Sept. 11, 2012, 6:03 p.m. CST
by Red Ned Lynch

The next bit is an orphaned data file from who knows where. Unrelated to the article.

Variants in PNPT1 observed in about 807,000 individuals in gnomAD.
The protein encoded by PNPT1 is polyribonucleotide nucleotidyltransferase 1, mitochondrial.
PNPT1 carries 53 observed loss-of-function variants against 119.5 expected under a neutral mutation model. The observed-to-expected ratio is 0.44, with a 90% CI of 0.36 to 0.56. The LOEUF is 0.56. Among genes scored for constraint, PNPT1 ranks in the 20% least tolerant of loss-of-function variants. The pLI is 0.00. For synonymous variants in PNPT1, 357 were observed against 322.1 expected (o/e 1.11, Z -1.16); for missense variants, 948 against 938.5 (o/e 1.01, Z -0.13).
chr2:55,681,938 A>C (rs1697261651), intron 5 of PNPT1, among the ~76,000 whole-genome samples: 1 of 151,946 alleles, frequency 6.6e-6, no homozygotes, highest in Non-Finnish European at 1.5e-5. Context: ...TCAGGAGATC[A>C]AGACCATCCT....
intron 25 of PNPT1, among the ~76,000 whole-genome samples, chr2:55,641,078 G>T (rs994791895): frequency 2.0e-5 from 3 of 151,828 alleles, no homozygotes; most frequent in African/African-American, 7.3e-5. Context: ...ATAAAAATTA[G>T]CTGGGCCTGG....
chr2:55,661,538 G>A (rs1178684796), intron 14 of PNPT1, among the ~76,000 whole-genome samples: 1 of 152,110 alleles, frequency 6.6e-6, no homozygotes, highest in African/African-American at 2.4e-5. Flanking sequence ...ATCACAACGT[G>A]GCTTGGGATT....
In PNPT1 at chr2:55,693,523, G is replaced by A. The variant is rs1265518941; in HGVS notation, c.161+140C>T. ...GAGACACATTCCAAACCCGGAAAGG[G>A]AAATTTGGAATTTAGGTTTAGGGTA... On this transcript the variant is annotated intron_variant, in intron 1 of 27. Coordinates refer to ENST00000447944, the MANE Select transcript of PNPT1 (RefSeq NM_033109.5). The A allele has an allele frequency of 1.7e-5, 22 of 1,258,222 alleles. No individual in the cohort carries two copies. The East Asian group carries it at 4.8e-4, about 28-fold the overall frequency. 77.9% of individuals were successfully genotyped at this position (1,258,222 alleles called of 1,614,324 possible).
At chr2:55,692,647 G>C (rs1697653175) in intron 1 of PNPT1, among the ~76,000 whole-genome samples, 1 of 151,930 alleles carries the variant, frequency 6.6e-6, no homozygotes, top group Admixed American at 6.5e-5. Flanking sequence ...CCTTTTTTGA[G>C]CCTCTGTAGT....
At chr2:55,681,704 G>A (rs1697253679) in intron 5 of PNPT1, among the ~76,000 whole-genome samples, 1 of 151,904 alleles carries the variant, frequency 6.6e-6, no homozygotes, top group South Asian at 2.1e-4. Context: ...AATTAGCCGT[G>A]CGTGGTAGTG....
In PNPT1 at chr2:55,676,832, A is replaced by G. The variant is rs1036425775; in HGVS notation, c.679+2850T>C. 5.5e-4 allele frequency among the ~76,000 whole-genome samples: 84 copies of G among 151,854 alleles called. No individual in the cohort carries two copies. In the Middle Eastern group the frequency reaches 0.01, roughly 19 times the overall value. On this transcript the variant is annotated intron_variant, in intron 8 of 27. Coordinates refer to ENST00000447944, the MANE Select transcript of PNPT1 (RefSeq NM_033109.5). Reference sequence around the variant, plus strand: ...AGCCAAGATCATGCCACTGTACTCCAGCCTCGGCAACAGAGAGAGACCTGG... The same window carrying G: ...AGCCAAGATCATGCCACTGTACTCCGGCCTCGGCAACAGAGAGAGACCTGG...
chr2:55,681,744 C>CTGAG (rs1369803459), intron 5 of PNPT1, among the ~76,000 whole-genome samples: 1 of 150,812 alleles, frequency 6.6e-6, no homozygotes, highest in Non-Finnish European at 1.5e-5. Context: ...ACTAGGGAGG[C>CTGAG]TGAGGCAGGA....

...although I do have a certain affection for found footage movies (watched both Area 407 and The Dinosaur Project last weekend...it was not a pleasing experience) my problem with Rec3 was certainly not forsaking the found footage format. I was troubled by the tone of the movie. I'm not going to spoil anything because I know a lot of folks won't have seen it yet, but the comedic business that fills a lot of the second act of the movie and the superhero light hijinks the bride revs up to near the start of the third were not only tonally inconsistent with the first two movies but also the denouement of the third. I didn't hate Rec3 but I did find it disappointing, especially considering the quality of the first two. And as far as what they could have done while staying in the found footage genre, Ambush? You're too good a horror movie fan to set up a straw man like you just did above. They could have followed a news crew covering the outbreak...they could have focused on a Vatican attempt to destroy the source, recorded for the Vatican archives. They certainly didn't need to stay in the building and continue to send in soldiers. Imagine what the series could have been, sticking with the found footage trope while in each film broadening the scope of the outbreak. The next to last could have been set in a newsroom where the characters do the only job they can while waiting for the inevitable. The final film could have returned to an apartment building and some small group of people, no longer sealed in the building with the possessed but sealed in the building against the possessed, the last little puddle of our world in a hell come to earth. You know horror every bit as well as I do. Don't tell me all those possibilities didn't occur to you.